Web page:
1. Make it simple. Instead of ending part of your project because you have to tackle a more challenging task next time, try setting yourself up for success by starting your next work shift with a simple task. That way you can ease back into your work – then get on with the harder work.
  1. Keep being positive. Staying fit can help you become even more productive, bringing you closer and closer to achieving your goals. So celebrate all your wins, even the small ones.
  1. Reward yourself. A reward for reaching a project milestone can be a good means of positive reinforcement. Bonus points if you can tie your reward back to your work.
  1. Let others know how you are doing. Sharing your progress with others can keep you on track to reach your project goals.
  1. Give yourself a break if you need it. If you feel stuck, find another unrelated task to do. Switch to another project. Take a short walk. It can re-energize and even provide some inspiration when you come back to it.

Here for every step of your journey

As a business owner, the sky is the limit for where you want to take your business. Whether you’re growing your home business or expanding to a second location, it’s important to make sure you have the right coverage to fit the needs of your business – and your employees. Contact us today to schedule an appointment to discuss your options.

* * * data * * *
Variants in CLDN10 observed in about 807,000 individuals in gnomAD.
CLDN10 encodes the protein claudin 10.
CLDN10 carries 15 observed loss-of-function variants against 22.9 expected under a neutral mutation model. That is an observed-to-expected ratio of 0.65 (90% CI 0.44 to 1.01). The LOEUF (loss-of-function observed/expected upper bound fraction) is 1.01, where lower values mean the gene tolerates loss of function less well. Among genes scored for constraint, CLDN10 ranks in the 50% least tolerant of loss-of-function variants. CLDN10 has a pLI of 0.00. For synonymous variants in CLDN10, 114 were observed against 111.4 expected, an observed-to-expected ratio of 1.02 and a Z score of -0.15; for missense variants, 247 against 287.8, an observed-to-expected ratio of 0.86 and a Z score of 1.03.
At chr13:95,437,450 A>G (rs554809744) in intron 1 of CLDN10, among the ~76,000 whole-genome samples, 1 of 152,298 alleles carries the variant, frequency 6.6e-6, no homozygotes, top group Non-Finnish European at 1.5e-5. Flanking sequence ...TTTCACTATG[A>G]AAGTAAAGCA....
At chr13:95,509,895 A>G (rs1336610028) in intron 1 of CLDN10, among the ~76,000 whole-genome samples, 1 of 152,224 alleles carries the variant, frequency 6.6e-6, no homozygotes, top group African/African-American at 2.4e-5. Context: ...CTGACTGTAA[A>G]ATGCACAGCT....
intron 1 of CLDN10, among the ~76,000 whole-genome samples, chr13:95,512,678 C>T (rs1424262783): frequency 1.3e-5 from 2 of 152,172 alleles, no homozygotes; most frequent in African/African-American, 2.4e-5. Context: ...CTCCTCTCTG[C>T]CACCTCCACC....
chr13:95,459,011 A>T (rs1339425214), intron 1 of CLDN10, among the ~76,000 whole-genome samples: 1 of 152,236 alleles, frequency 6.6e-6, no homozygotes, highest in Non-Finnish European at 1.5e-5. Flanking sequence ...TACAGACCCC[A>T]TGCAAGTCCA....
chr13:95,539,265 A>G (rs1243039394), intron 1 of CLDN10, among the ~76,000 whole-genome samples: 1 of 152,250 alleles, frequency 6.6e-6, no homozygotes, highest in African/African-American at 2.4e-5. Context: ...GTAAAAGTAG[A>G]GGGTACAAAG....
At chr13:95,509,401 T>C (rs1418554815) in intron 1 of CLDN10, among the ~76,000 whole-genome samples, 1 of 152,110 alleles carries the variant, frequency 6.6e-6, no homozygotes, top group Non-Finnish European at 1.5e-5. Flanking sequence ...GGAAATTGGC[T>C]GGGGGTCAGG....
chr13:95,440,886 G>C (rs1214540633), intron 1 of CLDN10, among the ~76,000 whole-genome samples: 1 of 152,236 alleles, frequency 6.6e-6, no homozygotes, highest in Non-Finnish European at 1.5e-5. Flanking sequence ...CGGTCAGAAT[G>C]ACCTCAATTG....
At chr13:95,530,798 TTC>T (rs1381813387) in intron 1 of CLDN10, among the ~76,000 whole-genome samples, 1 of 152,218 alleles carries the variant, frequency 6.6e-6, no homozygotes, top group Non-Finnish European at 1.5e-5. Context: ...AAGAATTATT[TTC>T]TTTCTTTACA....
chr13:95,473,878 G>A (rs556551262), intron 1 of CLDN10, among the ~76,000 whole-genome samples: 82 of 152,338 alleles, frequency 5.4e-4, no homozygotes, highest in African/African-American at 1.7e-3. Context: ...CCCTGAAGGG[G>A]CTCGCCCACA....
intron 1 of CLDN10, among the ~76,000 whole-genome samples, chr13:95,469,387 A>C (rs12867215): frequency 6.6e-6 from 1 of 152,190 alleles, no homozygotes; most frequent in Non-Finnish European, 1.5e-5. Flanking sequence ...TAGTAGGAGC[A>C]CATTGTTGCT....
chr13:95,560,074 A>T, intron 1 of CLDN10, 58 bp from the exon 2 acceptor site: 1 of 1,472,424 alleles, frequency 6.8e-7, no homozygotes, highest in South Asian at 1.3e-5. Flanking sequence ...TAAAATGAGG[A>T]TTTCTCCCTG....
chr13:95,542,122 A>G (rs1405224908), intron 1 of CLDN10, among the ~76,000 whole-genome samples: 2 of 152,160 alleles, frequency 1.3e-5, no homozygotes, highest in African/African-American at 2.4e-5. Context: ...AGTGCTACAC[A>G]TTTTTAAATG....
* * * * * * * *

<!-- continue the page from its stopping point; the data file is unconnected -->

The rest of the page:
ERIE® insurance products and services are provided by one or more of the following insurers: Erie Insurance Exchange, Erie Insurance Company, Erie Insurance Property & Casualty Company, Flagship City Insurance Company and Erie Family Life Insurance Company (home office: Erie, Pennsylvania) or Erie Insurance Company of New York (home office: Rochester, New York). The companies within the Erie Insurance Group are not licensed to do business in all states. See the company’s licensing and business information.

The insurance products and rates, if applicable, described in this blog are effective as of July 2022 and are subject to change at any time.

Insurance products are subject to conditions and exclusions not described in this blog. The policy contains the specific details of coverage, terms, conditions and exclusions.

The insurance products and services described in this blog are not offered in all states. ERIE life insurance and annuity products are not available in New York. ERIE Medicare supplement products are not available in the District of Columbia or New York. ERIE long-term care products are not available in the District of Columbia and New York.